Home National NEEK Electro-Tech 2016 opens at Bhrikutimandap

NEEK Electro-Tech 2016 opens at Bhrikutimandap

Kathmandu, November 19, 2016: NEEK Electro-Tech 2016 kicked off at Bhrikutimandap Exhibition Hall on Friday with 114 stalls displaying a wide range of the latest electrical and electronic goods.

Organised by the Federation of Electrical Entrepreneurs of Nepal (Feen), the expo will run for five days. The technology fair, which is in its eighth edition, mostly displays power-saving and cost effective products, the organiser said.

Security systems, panel lights, solar panels, transformers, electrical wiring devices and power backup systems, among others, are the main exhibits at the expo.

Inaugurating the exhibition, Energy Ministry Janardan Sharma said that both entrepreneurs and consumers needed to go for energy efficient devices to solve the ongoing problem of load shedding that has affected both households and industry.

“Besides focusing on increasing the use of such devices, priority should be given to increasing hydropower production,” he said.

Sharma urged the private sector to work in collaboration with the government to ease the energy shortage. “The government has given priority to local investors in the issuance of licences for major hydroelectricity projects,” he added.  The theme of this year’s expo is ‘Safety in Rebuilding’. Feen said it wanted to stress the use of safe and durable electrical and power products in new building constructions. The organiser said the expo would help expand the market for domestically produced electrical goods in the country and abroad.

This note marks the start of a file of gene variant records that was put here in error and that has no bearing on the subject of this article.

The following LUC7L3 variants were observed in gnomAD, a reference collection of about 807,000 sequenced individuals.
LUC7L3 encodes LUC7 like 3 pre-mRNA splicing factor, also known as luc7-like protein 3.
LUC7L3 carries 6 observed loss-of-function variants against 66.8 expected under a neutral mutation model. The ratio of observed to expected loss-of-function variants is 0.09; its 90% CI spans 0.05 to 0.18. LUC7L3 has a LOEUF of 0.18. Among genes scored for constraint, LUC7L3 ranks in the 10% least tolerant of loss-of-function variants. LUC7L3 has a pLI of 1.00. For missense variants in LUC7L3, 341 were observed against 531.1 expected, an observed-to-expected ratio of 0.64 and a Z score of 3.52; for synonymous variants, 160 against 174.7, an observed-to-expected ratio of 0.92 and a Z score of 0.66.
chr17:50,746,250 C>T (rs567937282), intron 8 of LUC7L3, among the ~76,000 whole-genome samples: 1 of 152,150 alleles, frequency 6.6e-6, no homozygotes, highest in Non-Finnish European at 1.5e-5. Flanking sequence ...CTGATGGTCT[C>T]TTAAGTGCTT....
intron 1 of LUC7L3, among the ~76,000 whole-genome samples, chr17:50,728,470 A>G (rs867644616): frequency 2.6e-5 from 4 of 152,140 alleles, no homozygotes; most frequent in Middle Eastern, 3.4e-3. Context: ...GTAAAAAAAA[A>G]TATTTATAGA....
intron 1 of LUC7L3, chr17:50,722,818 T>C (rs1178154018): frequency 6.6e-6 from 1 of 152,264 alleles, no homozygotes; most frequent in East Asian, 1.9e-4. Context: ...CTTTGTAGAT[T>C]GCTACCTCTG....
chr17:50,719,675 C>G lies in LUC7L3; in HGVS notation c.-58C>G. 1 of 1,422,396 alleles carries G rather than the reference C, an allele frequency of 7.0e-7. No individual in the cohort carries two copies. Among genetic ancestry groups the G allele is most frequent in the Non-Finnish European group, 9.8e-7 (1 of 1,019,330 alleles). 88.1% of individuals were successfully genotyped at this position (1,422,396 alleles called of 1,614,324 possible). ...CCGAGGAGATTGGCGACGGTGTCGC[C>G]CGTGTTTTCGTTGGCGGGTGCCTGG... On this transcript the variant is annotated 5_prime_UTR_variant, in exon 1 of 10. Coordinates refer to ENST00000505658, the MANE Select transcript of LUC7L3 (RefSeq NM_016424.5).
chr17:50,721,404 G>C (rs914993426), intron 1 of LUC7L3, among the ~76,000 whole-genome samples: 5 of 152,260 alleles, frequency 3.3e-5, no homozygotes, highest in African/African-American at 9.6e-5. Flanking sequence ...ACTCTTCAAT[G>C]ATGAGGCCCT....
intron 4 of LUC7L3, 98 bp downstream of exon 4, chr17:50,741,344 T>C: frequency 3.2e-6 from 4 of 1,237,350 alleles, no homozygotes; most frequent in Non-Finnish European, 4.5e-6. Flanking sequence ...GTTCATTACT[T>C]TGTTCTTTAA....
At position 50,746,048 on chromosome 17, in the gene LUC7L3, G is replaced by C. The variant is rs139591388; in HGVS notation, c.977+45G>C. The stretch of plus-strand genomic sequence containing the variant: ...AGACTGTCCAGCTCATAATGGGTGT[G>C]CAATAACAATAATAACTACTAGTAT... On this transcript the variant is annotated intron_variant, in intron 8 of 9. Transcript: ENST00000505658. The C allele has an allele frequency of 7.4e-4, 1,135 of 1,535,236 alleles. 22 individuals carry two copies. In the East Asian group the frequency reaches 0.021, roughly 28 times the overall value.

Feen President Tej Narayan Kharel said buyers could conveniently find a variety of electrical and electronic products all in one place at the expo. “We have given priority to displaying quality products that save power,” he said. The electrical and electronic goods business is worth Rs80 billion annually, entrepreneurs said. However, domestic products account for barely 10 percent of sales. High customs duty and inadequate skilled manpower have been blamed for the slow growth of the sector.

Gyanendra Lal Pradhan, chairman of the Energy Committee at the Federation of Nepalese Chambers of Commerce and Industry (FNCCI), urged the government to reduce the import duty on energy-efficient electrical devices and raw materials needed by domestic industry.

According to Pradhan, the government levies an import duty of 20 percent even on raw materials. “The country has become self-reliant in products like transformers and electrical boards, and lowering the customs duty will promote the manufacturing of similar other products.”

Around 100 local and foreign brands such as Schneider, Legra-nd, Transweld, Swastik, HPL, C&S, Philips, Rajdhani, Havells, Siemens, L&T, Crompton, Usha, Electra-Electric, Orient, NEEK, CG, Himstar and Rathi have showcased their products at the fair.

Shweta Khadka, an attendant at the Swastik stall, said they had launched the latest security systems. The starting price of a security system including CCTV surveillance system, electronic door locks, alarm sensors and fire extinguishers, among other devices, is Rs50,000.

Amul Shrestha, chairman and managing director of Transweld Nepal, a manufacturer of transformers, said they were displaying an upgraded transformer with a capacity of 2,000 kVA which is suitable for large production plants.